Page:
Studies have shown that qualityimprovement approaches can be adopted in health care to improve processes ofcare. The health care system faces challenges in delivering high-quality careat a time of such financial restrictions and workforce shortages (Dunn et al.,2016).
It has been argued that the solutions for such challenges will not come exclusivelyfrom large-scale reforms or from the ‘top-down’ imposition of new initiatives,or even from external forces such as inspection and regulation (Ham, 2014). Changescan only be effective if used in combination with a focus on ‘reform fromwithin’, built on an understanding that those closest to quality problems areoften best placed to find the solutions (Ross and Naylor, 2017). There is apressing need to improve quality in mental health care services. Many studieshave indicated that there is potential to enhance service users’ experience andimprove outcomes by using a quality improvement approach in mental health care(Abdallah et al., 2016). Throughout this assignment the author will discuss (A)the opportunities for improving quality and safety in metabolic screening for aservice user experiencing a relapse in their mental health who was admitted tothe inpatient unit and had previously attended her GP and outpatient’sappointments in primary care and (B) the author will discuss how to implement andelectronic screening for metabolic syndrome within the service user’s journey.
Statistical summaries of theexcess morbidity and mortality among people with severe and enduring mentalillness (SEMI) are stark reminders that health inequalities persist withincountries (DeHert et al., 2011). Although life expectancy generally hasincreased steadily over the past century, no such gains have occurred amongpeople with SEMI.
Life expectancy of people with SEMI is around 20% shorterthan the general population, the majority of which is caused by treatablephysical illnesses including cardiovascular disease which the leading cause ofpre-mature death in people with SEMI (Young et al., 2017). One of the most growingphysical health concerns in mental health is the high incidence of MetabolicSyndrome (MetS), a well-known cluster of inter-related risk factors associatedwith type 2 diabetes, cardiovascular disease and stroke. The clinical value ofthe syndrome is well established, yet only a small number of patients areregularly screened for the key characteristics of central obesity, glucoseintolerance/insulin resistance, hypertension and dyslipidaemia (Stanley, 2016).Monitoring markers of metabolic syndrome is particularly crucial in mentalhealth services since anti-psychotic medication used is associated with ahigher prevalence of MetS (McDaid and Smyth, 2015). Mental health services havean important role in establishing an accurate rate of MetS of people with SEMIand applying that information for prevention and effective management ofcardiovascular disease and diabetes (Stanley & Laugharne, 2011).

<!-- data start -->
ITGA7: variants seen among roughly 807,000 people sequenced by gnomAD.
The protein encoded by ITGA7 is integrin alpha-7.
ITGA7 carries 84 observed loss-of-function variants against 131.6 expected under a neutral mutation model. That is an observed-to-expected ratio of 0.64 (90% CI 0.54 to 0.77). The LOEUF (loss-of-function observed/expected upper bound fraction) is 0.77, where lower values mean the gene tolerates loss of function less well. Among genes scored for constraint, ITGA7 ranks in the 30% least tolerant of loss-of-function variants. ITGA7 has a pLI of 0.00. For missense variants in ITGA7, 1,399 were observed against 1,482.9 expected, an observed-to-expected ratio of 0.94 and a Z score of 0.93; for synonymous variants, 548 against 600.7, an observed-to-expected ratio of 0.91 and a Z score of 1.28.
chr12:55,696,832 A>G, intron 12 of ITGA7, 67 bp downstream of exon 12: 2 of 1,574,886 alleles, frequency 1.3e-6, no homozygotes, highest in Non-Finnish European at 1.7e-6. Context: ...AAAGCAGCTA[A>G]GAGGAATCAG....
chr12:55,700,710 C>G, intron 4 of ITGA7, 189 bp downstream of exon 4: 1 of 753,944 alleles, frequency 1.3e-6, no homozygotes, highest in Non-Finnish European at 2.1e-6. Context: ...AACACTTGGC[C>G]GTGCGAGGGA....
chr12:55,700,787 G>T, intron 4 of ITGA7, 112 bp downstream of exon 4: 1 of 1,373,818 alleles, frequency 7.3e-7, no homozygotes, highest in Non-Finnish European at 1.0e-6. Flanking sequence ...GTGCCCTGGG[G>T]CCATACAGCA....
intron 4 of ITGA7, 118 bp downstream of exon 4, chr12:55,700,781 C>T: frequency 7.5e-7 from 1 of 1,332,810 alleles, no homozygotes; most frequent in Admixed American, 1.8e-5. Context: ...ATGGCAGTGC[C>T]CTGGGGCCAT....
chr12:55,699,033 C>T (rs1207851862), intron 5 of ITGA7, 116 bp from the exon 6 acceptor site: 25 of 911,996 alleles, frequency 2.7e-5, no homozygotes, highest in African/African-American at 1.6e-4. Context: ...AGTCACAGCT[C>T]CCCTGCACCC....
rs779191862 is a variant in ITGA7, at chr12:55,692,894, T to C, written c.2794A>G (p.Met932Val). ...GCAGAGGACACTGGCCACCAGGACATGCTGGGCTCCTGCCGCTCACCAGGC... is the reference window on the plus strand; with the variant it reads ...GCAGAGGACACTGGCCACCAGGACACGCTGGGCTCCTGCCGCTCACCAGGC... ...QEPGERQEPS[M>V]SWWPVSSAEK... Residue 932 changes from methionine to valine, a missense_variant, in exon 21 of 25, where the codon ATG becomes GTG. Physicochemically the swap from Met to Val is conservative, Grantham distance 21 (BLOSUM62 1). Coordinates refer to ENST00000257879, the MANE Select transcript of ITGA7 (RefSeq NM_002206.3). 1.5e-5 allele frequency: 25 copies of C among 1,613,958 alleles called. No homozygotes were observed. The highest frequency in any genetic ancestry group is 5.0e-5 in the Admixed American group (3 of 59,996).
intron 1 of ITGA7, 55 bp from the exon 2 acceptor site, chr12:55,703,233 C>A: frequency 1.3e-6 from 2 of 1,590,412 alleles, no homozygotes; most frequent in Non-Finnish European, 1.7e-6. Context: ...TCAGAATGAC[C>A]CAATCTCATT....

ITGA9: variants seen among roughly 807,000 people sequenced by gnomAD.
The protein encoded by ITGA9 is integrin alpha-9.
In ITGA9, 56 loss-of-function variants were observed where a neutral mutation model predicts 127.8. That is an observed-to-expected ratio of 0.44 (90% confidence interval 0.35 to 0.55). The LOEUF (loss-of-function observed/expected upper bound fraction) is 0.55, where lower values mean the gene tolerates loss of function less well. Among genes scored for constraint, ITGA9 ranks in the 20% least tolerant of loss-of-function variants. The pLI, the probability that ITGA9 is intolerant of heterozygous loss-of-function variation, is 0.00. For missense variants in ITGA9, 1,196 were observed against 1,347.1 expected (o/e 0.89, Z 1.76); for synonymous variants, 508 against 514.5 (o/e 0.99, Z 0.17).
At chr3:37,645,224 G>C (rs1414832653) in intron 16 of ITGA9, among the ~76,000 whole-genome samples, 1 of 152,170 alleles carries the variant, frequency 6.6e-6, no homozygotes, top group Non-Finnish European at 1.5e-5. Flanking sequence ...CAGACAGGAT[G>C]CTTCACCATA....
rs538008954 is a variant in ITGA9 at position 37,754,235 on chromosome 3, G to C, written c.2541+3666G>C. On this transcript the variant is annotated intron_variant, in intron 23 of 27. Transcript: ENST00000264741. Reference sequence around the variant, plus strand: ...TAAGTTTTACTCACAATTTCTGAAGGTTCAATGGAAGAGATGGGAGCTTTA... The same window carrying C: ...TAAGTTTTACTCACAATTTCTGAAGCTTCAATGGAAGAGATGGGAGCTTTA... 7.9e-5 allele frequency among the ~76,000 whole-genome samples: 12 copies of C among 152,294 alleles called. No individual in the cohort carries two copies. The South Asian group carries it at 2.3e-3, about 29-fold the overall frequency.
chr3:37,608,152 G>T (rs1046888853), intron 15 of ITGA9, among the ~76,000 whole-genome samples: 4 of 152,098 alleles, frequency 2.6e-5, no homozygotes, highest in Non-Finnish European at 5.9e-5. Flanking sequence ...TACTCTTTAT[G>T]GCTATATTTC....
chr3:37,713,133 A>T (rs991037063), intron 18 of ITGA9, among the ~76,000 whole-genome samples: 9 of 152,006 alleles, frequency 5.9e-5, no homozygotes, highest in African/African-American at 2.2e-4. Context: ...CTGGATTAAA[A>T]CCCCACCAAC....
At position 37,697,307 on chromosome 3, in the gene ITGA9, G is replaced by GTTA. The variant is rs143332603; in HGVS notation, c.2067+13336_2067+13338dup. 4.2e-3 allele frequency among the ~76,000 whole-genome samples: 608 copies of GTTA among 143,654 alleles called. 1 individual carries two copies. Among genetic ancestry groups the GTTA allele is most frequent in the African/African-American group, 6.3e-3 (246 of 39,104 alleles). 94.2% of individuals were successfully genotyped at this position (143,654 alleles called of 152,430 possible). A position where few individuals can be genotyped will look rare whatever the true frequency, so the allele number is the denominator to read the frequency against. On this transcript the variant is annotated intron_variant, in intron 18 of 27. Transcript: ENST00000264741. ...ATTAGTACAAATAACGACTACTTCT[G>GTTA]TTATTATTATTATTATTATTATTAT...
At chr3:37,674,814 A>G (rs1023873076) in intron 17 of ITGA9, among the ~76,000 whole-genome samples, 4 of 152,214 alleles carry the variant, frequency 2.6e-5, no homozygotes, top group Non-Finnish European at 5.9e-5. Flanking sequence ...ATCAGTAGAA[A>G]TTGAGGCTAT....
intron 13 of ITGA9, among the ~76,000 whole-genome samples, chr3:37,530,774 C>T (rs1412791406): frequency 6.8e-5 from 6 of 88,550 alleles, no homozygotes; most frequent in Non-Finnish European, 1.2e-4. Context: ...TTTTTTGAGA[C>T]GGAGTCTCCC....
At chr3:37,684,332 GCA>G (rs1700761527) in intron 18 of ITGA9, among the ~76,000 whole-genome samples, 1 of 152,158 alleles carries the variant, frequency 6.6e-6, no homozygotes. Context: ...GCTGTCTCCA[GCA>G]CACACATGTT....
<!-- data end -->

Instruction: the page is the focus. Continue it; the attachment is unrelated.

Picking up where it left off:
However, researchin mental health services used to estimate the prevalence of MetS is disparateand metabolic monitoring is below the levels required for effective care (Coteset al., 2015).Mary a thirty-five year old lady,with a long standing diagnosis of schizoaffective disorder was admitted to theacute unit from the community undergoing a relapse in her mental health.
Previous to this Mary had been well for many years and her care had beencarried out by her GP in collaboration with the mental health services inprimary care. Mary met some of the criteria to be screened for MetS as shepresented as overweight and was also prescribed regular anti-psychotics,however she was never screened for MetS at any stage of her journey through themental health services. The importance and consequence for mental healthservices is that rates of MetS in populations with SEMI surpass generalpopulation rates. An Irish study by O?Brien et al (2007) found that 40.7% ofpeople with SEMI fulfilled criteria for MetS in comparison to 20.7% of thegeneral population while internationally Hausswolff-Juhlin et al.
(2009) foundrates of 27% in the general population rising to approximately 40–60% in anoverall SEMI population. When attending her GP or mentalhealth services outpatient’s appointments in primary care Mary reported to nothaving her blood pressure, weight or BMI checked regularly and was never screenedfor diabetes or dyslipidaemia. A study by Roberts et al.
(2007) examined theprevalence of routine health checks in primary care of people withschizophrenia in comparison to a control group of asthma patients. Resultsindicated that people with a diagnosis of schizophrenia were less likely tohave blood pressure checks, 55.9% compared to Asthma 71%, weight recorded,39.
5% compared to Asthma 46.4%, and cholesterol, 12.3% compared to Asthma21.8%. People with schizophrenia were also less likely to have these standardhealth checks in comparison to the general population albeit to a lesserextent.
McDonald (2008) explored the views and practices of Community MentalHealth Nurses(CMHNs) in relation to metabolic syndrome. Three themes emergedfrom the data which were concerns, CMHN practices and barriers to care.Although concerned about the physical health of service users the CMHNs statedthey were unable to expand their practice due to large caseloads and lack ofresources. Regarding current practices of screening, the results indicated thatscreening was haphazard and inconsistent as it is not performed routinely and nilprotocols are in place. There is uncertainty among healthcare professionals asto whether such physical health screening was the responsibility of thepsychiatric team rather than a primary care clinician.